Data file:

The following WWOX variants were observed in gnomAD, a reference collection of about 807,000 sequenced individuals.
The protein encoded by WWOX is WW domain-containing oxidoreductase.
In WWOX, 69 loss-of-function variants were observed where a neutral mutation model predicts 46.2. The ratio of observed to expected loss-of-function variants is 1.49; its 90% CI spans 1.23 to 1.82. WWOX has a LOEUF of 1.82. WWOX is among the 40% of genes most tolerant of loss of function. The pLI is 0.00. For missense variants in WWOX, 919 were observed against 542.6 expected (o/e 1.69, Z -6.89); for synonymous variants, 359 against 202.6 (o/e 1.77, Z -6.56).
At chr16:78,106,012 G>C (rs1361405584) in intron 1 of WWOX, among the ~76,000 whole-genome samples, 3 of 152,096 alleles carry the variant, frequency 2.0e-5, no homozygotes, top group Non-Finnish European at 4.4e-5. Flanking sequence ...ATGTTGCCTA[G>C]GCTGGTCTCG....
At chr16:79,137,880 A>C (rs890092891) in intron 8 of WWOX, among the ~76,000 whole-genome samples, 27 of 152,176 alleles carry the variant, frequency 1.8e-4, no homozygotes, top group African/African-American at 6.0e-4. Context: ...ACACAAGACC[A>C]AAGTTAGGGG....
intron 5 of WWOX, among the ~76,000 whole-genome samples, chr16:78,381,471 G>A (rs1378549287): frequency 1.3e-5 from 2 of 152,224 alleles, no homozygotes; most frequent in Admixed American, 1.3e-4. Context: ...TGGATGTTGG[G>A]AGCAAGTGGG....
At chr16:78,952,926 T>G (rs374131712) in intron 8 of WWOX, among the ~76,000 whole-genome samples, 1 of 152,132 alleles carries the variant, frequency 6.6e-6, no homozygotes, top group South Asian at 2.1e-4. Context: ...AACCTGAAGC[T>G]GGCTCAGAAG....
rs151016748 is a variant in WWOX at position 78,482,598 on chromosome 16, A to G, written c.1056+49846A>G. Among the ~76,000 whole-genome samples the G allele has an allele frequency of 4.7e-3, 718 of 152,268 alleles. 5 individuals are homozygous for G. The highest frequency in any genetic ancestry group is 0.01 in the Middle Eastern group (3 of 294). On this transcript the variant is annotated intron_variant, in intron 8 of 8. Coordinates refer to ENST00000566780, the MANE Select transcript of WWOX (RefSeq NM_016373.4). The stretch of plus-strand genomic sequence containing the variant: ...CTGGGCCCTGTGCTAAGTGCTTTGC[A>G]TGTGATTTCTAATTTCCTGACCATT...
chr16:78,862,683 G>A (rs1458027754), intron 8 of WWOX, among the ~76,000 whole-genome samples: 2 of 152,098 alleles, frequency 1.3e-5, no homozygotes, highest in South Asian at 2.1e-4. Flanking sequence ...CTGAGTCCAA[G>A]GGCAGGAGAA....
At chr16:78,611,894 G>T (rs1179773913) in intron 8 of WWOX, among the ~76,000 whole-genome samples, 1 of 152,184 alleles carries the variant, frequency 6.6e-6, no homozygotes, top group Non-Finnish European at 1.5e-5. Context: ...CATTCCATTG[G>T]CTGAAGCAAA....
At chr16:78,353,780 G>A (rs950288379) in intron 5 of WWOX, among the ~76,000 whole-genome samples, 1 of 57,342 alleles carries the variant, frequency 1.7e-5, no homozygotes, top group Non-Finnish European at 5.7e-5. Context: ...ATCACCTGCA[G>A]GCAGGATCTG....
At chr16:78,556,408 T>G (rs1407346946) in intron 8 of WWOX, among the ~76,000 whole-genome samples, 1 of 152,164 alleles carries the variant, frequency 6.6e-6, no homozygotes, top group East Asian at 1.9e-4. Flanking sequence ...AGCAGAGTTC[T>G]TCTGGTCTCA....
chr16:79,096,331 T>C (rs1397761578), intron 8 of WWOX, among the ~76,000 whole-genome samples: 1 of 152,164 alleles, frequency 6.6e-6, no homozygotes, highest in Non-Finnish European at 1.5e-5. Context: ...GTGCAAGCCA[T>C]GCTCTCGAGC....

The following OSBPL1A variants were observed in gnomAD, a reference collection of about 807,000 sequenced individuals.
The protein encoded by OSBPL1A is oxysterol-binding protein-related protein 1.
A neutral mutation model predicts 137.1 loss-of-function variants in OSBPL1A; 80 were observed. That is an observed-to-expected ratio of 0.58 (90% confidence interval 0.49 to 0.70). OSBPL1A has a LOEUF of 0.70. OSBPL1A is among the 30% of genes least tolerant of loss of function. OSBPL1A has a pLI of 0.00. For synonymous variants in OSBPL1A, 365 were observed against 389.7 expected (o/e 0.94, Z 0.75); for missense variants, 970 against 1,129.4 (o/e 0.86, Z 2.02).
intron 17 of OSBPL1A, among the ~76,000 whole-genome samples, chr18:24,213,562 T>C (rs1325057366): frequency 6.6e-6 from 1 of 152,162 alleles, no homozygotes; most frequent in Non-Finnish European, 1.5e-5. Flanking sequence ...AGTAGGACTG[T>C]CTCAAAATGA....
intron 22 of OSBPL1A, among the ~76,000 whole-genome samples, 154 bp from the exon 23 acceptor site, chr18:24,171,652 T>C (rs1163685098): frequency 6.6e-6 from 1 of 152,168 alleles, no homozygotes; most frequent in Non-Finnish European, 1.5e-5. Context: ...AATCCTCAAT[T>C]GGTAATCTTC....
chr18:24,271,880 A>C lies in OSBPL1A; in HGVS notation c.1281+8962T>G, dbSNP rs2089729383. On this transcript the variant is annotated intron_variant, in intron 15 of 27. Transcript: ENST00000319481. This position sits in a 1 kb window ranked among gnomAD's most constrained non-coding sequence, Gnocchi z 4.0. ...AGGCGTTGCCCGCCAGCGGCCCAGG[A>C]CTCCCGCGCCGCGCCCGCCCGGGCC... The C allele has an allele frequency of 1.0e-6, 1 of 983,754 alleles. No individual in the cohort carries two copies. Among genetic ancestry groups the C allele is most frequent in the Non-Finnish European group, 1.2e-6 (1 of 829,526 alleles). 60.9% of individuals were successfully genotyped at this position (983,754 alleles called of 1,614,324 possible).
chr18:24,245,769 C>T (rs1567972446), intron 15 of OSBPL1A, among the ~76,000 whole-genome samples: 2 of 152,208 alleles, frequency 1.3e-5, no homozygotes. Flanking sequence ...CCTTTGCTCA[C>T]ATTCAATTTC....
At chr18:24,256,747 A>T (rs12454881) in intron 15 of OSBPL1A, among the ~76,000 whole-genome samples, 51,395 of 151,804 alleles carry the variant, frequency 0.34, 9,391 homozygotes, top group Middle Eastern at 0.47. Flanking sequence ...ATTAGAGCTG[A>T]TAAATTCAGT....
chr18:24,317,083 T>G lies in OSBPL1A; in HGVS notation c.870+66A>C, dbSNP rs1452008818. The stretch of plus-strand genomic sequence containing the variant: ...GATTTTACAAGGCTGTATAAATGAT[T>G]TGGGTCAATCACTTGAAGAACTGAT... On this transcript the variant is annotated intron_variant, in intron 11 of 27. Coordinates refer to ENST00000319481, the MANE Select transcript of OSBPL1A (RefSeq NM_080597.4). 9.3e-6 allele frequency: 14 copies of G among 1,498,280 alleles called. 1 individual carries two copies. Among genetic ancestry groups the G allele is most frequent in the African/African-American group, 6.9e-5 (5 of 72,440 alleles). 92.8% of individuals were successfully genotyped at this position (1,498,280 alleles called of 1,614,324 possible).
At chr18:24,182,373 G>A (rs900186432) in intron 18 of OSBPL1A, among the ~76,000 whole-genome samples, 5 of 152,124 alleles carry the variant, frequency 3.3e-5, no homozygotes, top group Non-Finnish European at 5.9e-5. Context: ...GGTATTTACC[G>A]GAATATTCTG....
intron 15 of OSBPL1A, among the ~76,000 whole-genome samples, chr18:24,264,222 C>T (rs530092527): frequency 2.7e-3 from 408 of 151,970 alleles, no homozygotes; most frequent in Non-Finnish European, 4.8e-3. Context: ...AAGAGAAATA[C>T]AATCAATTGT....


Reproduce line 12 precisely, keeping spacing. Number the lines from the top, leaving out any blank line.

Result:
At chr16:78,556,408 T>G (rs1407346946) in intron 8 of WWOX, among the ~76,000 whole-genome samples, 1 of 152,164 alleles carries the variant, frequency 6.6e-6, no homozygotes, top group East Asian at 1.9e-4. Flanking sequence ...AGCAGAGTTC[T>G]TCTGGTCTCA....